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4 dynamite ways to find new members

5 Mar

Rotary Voices

The Wenatchee Confluence Rotary Club’s new members class of October 2018. Membership chair Rob Tidd says do something to make new members feel special, like framing their certificates and interviewing them during their induction.

By Rob Tidd, District 5060 membership chair and member of the Rotary Club of Wenatchee Confluence, Wenatchee, Washington, USA

In January, we had 61 members in our club, an increase of about 40 percent from the beginning of the Rotary year in July, when we had 43. Our success has been based on two ingredients: encouraging friendships and promoting fun in Rotary.

But just as important to our growth has been a systematic and continuous follow up with potential new members. Too often a potential new member is approached once and then forgotten. Every club needs a champion or champions willing to take the extra time to stay in communication with every potential new member.

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Bridging the gap between Rotary’s programs for young leaders

25 Sep

Rotary Voices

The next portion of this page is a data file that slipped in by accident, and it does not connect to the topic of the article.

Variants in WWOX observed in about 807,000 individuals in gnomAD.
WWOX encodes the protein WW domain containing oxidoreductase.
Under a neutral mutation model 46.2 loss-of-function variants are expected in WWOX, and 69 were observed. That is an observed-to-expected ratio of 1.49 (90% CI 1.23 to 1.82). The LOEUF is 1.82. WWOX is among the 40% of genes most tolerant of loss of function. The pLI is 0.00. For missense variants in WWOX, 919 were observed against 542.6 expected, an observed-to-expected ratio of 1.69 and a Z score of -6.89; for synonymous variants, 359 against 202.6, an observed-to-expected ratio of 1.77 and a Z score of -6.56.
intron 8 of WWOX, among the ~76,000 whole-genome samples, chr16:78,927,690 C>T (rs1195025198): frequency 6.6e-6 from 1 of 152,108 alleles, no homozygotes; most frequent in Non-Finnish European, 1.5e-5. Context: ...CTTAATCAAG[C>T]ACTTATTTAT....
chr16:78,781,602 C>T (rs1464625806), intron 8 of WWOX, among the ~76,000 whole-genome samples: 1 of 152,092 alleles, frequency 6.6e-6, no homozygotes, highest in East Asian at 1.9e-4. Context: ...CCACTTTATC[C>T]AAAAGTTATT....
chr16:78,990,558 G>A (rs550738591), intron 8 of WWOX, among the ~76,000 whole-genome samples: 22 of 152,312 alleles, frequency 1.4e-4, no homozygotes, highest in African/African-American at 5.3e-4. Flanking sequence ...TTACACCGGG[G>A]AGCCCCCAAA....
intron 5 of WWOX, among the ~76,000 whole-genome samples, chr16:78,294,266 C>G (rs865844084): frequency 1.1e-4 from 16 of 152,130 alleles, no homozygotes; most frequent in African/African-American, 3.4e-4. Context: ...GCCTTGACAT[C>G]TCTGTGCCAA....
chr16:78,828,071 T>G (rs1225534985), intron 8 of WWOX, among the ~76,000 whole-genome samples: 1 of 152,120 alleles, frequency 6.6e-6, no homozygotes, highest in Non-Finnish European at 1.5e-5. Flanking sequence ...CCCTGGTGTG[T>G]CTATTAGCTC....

Planting a tree Jessie Case plants a tree with the Coronado Rotary Club.

By Jessie Case, Rotaract Club of Pacific Beach, California, USA

My very first Interact project was picking up trash at a nearby lake and recreation area. It was so simple, yet I was so moved by the idea that if you wanted something to happen, you could take matters into your own hands and get it done. I am still moved by that feeling that comes from identifying a problem, finding a solution, and acting upon it.

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Satellite club gets back to Rotary’s roots

21 Sep

Rotary Voices

Leeds Phoenix satellite club Members of the Leeds Phoenix satellite club present their first charity check in dramatic fashion.

By Tony Scaife, Rotary Club of Aireborough, West Yorkshire, England

For the last few months, I’ve been helping exuberant members of the Leeds Phoenix Satellite Rotary Club get established. I’ve been on a wonderful voyage watching as a new network of professionals rediscover Rotary’s roots.

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5 ways Rotaract can change your life

14 Sep

Rotary Voices

Salman Ali Rajput